Who doesn't want to be on TV? It is a chance to be famous, even if only for your 15 minutes, and it's a great chance to market your skills and that of your firm. But, if you're going to be interviewed for a TV news story (especially on national TV), there's a chance the interview will be conducted via speakerphone. So how do speakerphone interviews work, and how can lawyers prepare for them?
For a speakerphone interview, a cameraperson (and sometimes an audio technician) will record your on-camera responses, but the reporter won't be there in person. Instead, the reporter (or a producer) will ask you questions via speakerphone, so he or she doesn't even have to leave the office.
It sounds simple enough, but speakerphone interviews often lead to awkward results. Building on the five tips we shared in Part I of this series, here are five more tips specifically for speakerphone TV interviews:
Don't yell into the air. Yes the reporter is on speakerphone, but you will probably have a microphone clipped to your shirt. So there's no need to raise your voice or over-enunciate, as you probably do when you're participating in a conference call via speakerphone. Speak in a natural, conversational voice.
Don't look straight into the camera. Chances are, the cameraperson will have you sit at an angle to the camera, to mimic the look of a classic "sit-down" interview. Avoid the temptation to look into the camera when answering questions, and try to pretend you're talking to a reporter sitting in front of you.
Don't let your eyes wander. This is a tell-tale sign of a bad speakerphone interview: The interview subject's eyes will wander all over the place, because there's no one sitting in front of him to focus on. Try to pick a focal point and stick with it, or check out Tip No. 4 below.
Have a friend "sit-in" as the reporter. This friend won't show up on TV, as the camera will be focused on you. But having someone "sit-in" or "act" as the reporter can lead to a more natural-looking interview, as you'll be able to focus on your friend's eyes. You can even have your friend repeat the reporter's question before you respond, for a more natural-sounding interaction.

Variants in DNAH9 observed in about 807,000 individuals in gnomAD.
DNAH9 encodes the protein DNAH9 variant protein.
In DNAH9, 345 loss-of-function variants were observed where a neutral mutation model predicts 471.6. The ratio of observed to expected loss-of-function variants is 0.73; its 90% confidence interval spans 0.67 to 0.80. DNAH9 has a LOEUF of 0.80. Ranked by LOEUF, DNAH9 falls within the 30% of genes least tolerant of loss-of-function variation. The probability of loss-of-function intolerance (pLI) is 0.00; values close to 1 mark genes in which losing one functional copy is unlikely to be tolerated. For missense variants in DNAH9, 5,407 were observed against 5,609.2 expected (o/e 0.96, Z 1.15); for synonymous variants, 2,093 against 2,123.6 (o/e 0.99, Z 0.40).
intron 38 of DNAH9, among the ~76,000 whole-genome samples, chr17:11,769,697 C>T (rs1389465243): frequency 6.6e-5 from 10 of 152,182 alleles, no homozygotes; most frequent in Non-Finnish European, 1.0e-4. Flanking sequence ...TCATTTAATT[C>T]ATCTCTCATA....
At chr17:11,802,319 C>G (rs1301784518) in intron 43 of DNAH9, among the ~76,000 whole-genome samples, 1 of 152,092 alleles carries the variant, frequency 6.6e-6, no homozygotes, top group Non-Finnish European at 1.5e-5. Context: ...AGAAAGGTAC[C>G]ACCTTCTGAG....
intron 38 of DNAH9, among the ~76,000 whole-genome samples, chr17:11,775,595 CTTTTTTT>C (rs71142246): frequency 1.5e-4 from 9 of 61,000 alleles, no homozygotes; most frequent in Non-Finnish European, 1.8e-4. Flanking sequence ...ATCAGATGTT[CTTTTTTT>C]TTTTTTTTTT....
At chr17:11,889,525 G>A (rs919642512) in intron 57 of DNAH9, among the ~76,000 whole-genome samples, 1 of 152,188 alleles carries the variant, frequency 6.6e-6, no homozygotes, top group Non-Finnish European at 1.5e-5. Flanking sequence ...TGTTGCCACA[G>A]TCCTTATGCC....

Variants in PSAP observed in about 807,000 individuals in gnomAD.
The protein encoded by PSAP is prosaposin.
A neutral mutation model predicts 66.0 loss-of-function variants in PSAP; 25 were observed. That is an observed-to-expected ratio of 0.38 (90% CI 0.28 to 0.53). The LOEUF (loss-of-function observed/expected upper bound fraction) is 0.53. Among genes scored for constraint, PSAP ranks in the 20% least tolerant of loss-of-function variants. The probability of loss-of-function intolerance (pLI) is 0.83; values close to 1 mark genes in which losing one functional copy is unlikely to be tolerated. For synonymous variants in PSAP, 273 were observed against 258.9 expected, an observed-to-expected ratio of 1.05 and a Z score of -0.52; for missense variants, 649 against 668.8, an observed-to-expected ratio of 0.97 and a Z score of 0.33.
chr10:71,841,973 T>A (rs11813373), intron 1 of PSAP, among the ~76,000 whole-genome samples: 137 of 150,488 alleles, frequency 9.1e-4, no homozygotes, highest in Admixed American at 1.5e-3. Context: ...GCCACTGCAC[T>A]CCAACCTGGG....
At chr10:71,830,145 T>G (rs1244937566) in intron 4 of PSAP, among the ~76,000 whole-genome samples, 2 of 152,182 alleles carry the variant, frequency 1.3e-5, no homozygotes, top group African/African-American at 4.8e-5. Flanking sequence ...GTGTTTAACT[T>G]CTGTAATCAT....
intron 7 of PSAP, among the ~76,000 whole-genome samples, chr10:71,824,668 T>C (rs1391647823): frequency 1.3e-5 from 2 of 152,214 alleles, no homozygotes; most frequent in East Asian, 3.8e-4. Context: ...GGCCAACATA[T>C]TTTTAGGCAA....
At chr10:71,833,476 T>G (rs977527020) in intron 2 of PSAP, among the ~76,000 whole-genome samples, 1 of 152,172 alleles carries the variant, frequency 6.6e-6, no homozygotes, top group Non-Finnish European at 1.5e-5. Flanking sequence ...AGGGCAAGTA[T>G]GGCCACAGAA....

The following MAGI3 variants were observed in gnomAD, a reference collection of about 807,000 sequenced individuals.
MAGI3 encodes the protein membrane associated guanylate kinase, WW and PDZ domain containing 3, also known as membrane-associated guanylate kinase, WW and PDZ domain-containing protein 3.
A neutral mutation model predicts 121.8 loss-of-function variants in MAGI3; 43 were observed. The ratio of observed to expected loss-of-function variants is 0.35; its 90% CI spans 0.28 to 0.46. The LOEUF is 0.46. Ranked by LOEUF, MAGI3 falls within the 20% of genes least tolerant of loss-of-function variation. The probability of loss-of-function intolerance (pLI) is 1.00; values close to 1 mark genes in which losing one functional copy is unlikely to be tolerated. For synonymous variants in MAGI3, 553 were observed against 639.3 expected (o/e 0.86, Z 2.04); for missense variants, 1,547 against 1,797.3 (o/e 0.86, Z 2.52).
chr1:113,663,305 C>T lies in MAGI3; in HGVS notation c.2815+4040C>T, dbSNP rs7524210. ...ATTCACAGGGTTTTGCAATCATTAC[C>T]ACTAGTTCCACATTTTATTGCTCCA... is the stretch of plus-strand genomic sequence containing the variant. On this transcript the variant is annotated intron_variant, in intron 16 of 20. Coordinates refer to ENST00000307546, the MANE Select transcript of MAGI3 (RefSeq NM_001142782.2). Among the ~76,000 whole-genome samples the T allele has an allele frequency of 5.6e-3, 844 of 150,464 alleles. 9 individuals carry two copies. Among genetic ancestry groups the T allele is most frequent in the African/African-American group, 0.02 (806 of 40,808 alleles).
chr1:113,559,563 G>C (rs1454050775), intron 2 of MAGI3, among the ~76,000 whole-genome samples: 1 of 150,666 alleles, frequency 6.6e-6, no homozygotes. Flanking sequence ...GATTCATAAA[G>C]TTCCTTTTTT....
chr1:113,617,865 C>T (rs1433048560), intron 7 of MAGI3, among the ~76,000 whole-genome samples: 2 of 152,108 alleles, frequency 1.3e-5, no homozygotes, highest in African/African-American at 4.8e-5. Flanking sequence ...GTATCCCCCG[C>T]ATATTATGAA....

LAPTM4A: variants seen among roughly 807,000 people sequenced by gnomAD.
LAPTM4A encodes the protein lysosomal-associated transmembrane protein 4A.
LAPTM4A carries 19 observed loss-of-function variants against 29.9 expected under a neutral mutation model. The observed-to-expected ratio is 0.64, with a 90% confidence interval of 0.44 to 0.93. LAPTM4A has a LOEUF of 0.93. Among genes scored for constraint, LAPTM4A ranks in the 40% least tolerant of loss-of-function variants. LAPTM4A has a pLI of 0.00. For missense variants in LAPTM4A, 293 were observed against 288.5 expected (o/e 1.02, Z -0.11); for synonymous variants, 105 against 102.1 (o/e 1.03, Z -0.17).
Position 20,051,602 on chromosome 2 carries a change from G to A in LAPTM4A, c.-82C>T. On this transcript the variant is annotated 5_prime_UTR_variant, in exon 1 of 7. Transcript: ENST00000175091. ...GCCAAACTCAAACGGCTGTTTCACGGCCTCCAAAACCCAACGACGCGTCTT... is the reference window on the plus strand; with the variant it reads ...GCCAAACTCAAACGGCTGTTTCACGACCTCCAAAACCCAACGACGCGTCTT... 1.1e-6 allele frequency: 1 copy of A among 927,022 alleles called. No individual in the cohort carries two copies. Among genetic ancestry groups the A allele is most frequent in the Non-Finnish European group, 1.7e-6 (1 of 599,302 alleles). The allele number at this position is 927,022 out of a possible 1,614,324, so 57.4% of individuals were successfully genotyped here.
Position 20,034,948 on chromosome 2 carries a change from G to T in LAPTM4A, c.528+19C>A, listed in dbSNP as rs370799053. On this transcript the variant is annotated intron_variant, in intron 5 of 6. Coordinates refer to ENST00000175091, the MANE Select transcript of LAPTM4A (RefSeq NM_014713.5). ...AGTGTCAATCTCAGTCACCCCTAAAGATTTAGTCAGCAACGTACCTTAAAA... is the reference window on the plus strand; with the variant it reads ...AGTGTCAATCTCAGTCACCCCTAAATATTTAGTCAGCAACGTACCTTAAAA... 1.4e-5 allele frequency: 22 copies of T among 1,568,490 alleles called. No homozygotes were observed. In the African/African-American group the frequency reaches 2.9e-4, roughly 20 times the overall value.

Be in control of your B-roll. After the interview is complete, the camera crew will probably want some "B-roll" -- additional footage of you doing something "natural," which may be used to introduce your soundbite. Try to keep things businesslike: Footage of you typing on your computer, reviewing legal files, or even walking down the hall are safe choices -- and you may even be able to "sneak" your law firm's name or logo into one of those shots.
These tips come from personal experience: As a former TV news producer, I once interviewed a prominent law professor/legal analyst via speakerphone -- but my heart sank when I reviewed the footage. Wandering eyes, a strange sitting position, and inappropriate B-roll (of the lawyer playing with his kids -- something that did not fit in with the serious subject matter of the story) meant the footage was unusable. I had to call the professor to apologize and explain why he wouldn't be on TV after all.
Don't let that happen to you. While you can't control everything in a speakerphone TV interview, a bit of preparation can really pay off.